I ran across an interview of Silvia Moreno-Garcia yesterday (publisher of Innsmouth Free Press, which I love), and was mildly amused to find that the blog running the interview belongs to one of the people that I ran into at a convention last year. I’d lost his card, so it’s nice to find it again.
(Also, if I trip over Ian Rogers’ name one more time in the next week I am going to need to get Every House is Haunted next, just because the frequency illusion effects are getting a bit surreal. (It’s on the list to get anyway, but I would ideally like to finish a couple more books first.))
Also, I finished a short story draft last night. It’s a horribly clunky draft-zero draft, but it’s a draft. I’m thinking I should set it aside for a week or so and then try to make it a little less horrible–I know usually people advise longer, but I think that perhaps the time gap from draft-zero to first-draft can be a little shorter. In a lot of ways it feels more like shovelling than chiselling detail.
 This was a theme for said convention. Annoyingly. I must organize better in future.
 Also called the Baader-Meinhof phenomenon, a term it took me a ridiculously long time to find, because for some reason I was stuck on “cognitive bias”.
I have been picking away at a story. It is currently at four thousand words and change.
I would guess about thirty-eight hundred of them need to be rewritten, and of those, right now, I feel like it would be optimistic to say that only two thousand need to be burnt outright. Burnt. And there’s a subplot or merging course of events or what-have-you that I know how I want to involve but haven’t actually done anything with, and a creeping embarrassment at the prose and the setup, and…
I am torn right now between calling it off, hammering out a final scene so that there’s something to tear apart later, or sketching out a point form list of what I need to have happen next. (I am bravely putting off sinking into a funk of “oh my god I can’t do this”, since it always knocks my schedule for a loop, really.)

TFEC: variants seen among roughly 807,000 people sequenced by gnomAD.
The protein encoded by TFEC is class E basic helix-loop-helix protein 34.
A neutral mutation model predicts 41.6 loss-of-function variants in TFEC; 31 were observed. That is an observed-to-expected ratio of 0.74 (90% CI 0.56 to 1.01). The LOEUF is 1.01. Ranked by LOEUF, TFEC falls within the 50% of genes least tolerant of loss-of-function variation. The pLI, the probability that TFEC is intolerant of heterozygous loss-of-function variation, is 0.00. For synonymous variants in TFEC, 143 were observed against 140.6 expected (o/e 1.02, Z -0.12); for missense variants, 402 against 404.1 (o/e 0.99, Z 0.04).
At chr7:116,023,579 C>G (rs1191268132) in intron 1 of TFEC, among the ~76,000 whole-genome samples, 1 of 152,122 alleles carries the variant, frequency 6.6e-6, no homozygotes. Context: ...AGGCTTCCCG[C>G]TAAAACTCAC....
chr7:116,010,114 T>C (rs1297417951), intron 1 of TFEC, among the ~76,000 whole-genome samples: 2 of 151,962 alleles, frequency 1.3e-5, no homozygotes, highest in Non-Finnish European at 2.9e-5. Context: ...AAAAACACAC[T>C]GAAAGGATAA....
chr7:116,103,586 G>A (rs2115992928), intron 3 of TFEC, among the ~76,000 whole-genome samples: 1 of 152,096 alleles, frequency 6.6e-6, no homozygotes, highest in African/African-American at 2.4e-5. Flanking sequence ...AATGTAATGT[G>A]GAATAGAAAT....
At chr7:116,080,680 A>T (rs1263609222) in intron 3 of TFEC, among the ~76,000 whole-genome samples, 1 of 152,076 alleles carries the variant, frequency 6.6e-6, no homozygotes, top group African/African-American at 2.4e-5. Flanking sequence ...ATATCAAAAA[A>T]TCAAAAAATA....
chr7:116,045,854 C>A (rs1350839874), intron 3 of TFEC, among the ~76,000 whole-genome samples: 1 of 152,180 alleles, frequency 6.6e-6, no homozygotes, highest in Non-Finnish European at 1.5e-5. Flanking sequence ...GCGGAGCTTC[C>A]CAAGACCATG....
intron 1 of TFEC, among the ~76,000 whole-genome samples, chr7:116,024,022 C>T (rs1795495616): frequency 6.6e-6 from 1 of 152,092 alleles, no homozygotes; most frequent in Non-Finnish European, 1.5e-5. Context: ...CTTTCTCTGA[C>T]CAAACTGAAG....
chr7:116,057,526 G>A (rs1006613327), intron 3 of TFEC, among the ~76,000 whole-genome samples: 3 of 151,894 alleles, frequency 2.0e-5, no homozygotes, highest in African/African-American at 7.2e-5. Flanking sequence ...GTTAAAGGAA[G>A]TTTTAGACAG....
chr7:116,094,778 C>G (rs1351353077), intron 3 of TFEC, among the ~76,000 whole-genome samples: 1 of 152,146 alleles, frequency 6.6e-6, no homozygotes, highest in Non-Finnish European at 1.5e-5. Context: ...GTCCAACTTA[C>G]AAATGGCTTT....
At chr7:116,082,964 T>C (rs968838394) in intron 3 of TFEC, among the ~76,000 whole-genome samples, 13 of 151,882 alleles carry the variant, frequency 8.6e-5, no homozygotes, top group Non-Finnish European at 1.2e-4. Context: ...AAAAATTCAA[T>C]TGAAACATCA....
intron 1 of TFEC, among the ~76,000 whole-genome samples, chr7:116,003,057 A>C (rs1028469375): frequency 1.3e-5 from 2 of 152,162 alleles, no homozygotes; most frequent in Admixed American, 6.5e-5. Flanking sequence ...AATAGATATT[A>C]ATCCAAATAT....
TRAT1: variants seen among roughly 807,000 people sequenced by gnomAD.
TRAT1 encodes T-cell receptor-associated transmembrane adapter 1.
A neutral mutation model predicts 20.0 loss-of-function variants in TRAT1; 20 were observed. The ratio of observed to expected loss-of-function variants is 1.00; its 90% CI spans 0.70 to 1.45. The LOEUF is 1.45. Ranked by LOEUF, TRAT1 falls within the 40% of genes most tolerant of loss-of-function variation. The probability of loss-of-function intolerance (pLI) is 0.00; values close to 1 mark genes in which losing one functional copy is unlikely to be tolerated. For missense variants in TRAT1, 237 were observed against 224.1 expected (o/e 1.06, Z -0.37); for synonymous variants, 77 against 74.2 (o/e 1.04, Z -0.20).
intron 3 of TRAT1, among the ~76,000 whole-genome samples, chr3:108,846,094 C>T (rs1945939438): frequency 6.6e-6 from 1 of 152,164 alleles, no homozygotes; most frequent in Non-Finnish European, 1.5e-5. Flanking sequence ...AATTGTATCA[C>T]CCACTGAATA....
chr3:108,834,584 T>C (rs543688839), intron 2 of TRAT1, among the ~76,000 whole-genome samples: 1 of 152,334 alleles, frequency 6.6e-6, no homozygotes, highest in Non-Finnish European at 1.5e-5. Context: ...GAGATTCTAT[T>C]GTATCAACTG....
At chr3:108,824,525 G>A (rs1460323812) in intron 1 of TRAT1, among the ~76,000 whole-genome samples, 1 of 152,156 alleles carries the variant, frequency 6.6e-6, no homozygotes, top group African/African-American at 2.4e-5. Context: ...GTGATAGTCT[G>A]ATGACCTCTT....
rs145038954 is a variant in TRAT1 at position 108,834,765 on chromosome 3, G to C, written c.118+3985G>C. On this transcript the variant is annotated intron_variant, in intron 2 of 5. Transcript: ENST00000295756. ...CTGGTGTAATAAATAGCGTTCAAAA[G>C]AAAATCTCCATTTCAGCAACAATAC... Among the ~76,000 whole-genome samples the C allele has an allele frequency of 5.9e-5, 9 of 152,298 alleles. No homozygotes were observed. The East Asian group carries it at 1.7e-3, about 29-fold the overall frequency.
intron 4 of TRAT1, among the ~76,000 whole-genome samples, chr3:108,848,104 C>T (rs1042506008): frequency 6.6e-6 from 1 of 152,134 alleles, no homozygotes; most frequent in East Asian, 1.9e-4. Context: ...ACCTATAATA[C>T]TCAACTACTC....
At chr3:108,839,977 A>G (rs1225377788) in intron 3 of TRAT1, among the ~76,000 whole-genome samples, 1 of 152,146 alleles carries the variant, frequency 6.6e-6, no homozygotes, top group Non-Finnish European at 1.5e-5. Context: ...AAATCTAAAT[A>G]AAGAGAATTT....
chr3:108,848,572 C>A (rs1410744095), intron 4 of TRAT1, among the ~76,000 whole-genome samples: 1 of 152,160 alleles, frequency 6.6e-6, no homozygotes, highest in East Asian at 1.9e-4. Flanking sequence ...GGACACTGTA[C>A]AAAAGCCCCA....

Have you been here? What do you do?
Since we’ve finished watching Leverage, I’m looking for a new TV show. A friend recommended Alphas, which I’d heard nothing about. Looked up a very quick summary–it appears to be people with low-level superpowers who are working to stop other people with low-level superpowers from being bad guys.
Having seen the first episode, I have to say I like it. Five of the six Alphas are very well-drawn; a little simple so far (which is fine for the first episode), but distinctive. The sixth is a deliberate cipher, so that’s fine. The moral ambiguity with Red Flag and Rosen’s superiors is the kind of thing I’d expect to come up with this setup, and I’m glad it’s being established so early.
Small spoiler and additional note after the cut:
Continue reading “Alphas.”
It feels a little like I’ve been wading through molasses. There are things I would like to have done that I am not ready to do, and other ones that I got distracted from and did not get done.
On the other hand, I did get the screens for the living room windows washed. And sorted out the natural gas leak from the meter without freaking out. And I updated someone’s website for them. Finished Black Wings, although I didn’t write a review for it yet. Got up at a reasonable hour. Dressed and left the house. Took out the garbage.
(It’s an “accentuate the positive” kind of day; or at least I am making it be one because I am trying to avoid the doldrums.)
(In relation to this: I will note that a Google image search on kittens noses flowers is occasionally a helpful stopgap. Some of them are so cute.)
Also wrote 500+ words, even if they are in serious need of revision. And I think I just got a twist in a short story, and I don’t know if it’s a good one or a bad one to use.
Johnny Halloween: Tales of the Dark Season by Norman Partridge
My rating: 4 of 5 stars
Perhaps oddly, I liked the one of the two straight-up non-supernatural stories in this collection the best. The titular “Johnny Halloween” is something I’d expect to run across in a decent noir anthology.
“The Man Who Killed Halloween” was well-done; it didn’t fit with what I was expecting from the book (non-fiction!), but it’s a decent and evocative piece. Together with Partridge’s introduction, it provides a thoughtful basis for the contrast between Ricks and the October Boy.
Actually, now that I’m thinking about it, this may be why “Three Doors” and “Treats” (which I’ve read before, along with “Black Leather Kites”) didn’t stand out for me quite as much, although they’re both good stories and would normally be the kind of thing I’d expect to be my favourites. The trio of Hallowe’en/Jack o’Lantern-titled pieces echo each other on the question of masks, and real monsters, and the deceit that lets the latter go unpunished, and their supporting each other makes them stand out above the rest.
(Please pardon the fact that this is both terse and a bit shaky; I’m trying to practice writing reviews, and I clearly need to practice writing reviews.)